House Of Gucci Scribe Roberto Bentivenga On The Key Revelation That Shaped His Ending

Some might consider watching biopics and other "based on a true story" movies to have a built-in downside, given that we generally know the ins and outs of these infamous stories and how they're fated to end. These individuals, sadly, are missing out on gems like the Pablo Larraín's Princess Diana film "Spencer" and, most recently, Ridley Scott's "House of Gucci." Chronicling the story of the absurdly rich Gucci family and the empire they built selling designer fashion, Scott and screenwriters Roberto Bentivegna and Becky Johnston found an immensely entertaining way to bring audiences into the privileged life of Maurizio Gucci (Adam Driver) and his troubled marriage to Lady Gaga's Patrizia. With their honeymoon period curdling into something more closely resembling "Macbeth," "House of Gucci" faced added pressure to make the ending of the film measure up to the two-plus hours that preceded it. According to writer Roberto Bentivegna, one crucial change in perspective allowed the inevitable conclusion of this story to hit as hard as it does.

Major spoilers for "House of Gucci" (and, well, the decades-old true story of the Gucci family as well) follow.

"It's Actually Two Deaths"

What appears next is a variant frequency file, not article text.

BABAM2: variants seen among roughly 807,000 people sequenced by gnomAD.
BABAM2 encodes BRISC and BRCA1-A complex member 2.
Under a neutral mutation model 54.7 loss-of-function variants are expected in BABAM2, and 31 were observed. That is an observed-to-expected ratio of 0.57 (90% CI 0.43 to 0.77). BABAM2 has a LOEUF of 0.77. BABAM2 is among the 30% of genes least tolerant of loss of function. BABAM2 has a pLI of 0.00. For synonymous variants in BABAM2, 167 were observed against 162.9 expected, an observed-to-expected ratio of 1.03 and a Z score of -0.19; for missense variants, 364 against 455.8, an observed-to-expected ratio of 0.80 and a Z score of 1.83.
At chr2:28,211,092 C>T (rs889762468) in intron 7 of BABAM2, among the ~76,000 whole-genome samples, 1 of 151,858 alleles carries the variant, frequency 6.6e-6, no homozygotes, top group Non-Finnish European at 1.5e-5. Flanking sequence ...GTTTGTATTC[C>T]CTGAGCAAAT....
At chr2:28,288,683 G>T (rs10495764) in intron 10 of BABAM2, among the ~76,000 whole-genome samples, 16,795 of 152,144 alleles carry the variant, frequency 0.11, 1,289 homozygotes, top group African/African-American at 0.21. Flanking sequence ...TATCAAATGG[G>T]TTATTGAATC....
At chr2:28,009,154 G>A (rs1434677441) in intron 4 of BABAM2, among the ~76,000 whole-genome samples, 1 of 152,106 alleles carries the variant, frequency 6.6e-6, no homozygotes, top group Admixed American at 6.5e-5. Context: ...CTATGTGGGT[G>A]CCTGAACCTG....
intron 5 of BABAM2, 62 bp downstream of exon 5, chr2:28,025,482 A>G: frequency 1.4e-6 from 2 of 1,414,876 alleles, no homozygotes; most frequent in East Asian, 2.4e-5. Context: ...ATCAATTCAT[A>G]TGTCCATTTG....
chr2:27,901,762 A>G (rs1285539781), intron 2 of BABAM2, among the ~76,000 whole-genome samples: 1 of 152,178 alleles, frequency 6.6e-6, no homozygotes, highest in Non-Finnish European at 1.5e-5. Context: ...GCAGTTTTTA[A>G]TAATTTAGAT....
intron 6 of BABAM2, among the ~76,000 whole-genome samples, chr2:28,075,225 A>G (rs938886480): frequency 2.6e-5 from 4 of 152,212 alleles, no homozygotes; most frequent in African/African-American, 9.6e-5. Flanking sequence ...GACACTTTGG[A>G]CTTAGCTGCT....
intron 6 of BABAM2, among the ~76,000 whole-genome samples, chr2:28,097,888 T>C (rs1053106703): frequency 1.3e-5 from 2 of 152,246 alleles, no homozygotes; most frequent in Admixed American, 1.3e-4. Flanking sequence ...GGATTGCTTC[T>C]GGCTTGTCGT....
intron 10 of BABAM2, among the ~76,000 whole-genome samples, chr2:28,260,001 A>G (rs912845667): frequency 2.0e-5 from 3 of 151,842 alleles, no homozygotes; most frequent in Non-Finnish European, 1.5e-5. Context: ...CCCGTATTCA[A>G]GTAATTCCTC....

Those who've been following along know that Ridley Scott's "House of Gucci" has only one possible conclusion, which is made clear (in retrospect, at least) right from the opening moments of the film: the murder of Maurizio Gucci at the hands of hitmen, hired by ex-wife Patrizia. Knowing about the real-world events that took place and getting into the headspace of these larger-than-life individuals, however, proved to be two very different things. In an interview with Entertainment Weekly, writer Roberto Bentivegna opened up about how he approached the crucial murder sequence. The key, as he tells it, had to do with juxtaposing Adam Driver's doomed Maurizio with the private moments of a conflicted Patrizia:

"I thought it was a death, but it's actually two deaths. When Patrizia knows that Maurizio is about to die, I think she dies a little bit inside, too. I always imagined it as an intercutting between those two moments: Maurizio being murdered and Patrizia in the bathtub, discovering what she'd done and not being able to turn back."

As captured by Ridley Scott and director of photography Dariusz Wolski in the film, this sequence cuts between Patrizia submerged underwater in her bathtub and Maurizio blithely going about his day in peace. Bentivegna reveals that Scott made the "incredibly powerful" decision to set these moments to an instrumental score, opting for a devastatingly quiet and subdued atmosphere in light of the violence that is to come.

Though I preferred Scott's "The Last Duel" over the sometimes hard-to-stomach excess of "House of Gucci," it's hard to argue with the results (which you can read more about in Chris Evangelista's review). "House of Gucci" is currently playing in theaters.